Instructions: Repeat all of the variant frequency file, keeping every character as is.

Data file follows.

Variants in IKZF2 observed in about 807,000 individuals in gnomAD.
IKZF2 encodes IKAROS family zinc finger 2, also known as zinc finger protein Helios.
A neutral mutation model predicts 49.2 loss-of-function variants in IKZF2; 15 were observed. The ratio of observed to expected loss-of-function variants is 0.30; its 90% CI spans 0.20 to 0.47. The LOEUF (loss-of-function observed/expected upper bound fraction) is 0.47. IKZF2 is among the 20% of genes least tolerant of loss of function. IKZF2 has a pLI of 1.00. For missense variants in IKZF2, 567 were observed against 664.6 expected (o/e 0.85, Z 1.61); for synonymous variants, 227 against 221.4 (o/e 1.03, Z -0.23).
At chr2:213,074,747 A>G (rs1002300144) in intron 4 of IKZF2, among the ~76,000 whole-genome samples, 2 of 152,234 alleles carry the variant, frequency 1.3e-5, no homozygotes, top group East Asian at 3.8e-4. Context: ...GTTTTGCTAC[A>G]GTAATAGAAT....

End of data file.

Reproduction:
Variants in IKZF2 observed in about 807,000 individuals in gnomAD.
IKZF2 encodes IKAROS family zinc finger 2, also known as zinc finger protein Helios.
A neutral mutation model predicts 49.2 loss-of-function variants in IKZF2; 15 were observed. The ratio of observed to expected loss-of-function variants is 0.30; its 90% CI spans 0.20 to 0.47. The LOEUF (loss-of-function observed/expected upper bound fraction) is 0.47. IKZF2 is among the 20% of genes least tolerant of loss of function. IKZF2 has a pLI of 1.00. For missense variants in IKZF2, 567 were observed against 664.6 expected (o/e 0.85, Z 1.61); for synonymous variants, 227 against 221.4 (o/e 1.03, Z -0.23).
At chr2:213,074,747 A>G (rs1002300144) in intron 4 of IKZF2, among the ~76,000 whole-genome samples, 2 of 152,234 alleles carry the variant, frequency 1.3e-5, no homozygotes, top group East Asian at 3.8e-4. Context: ...GTTTTGCTAC[A>G]GTAATAGAAT....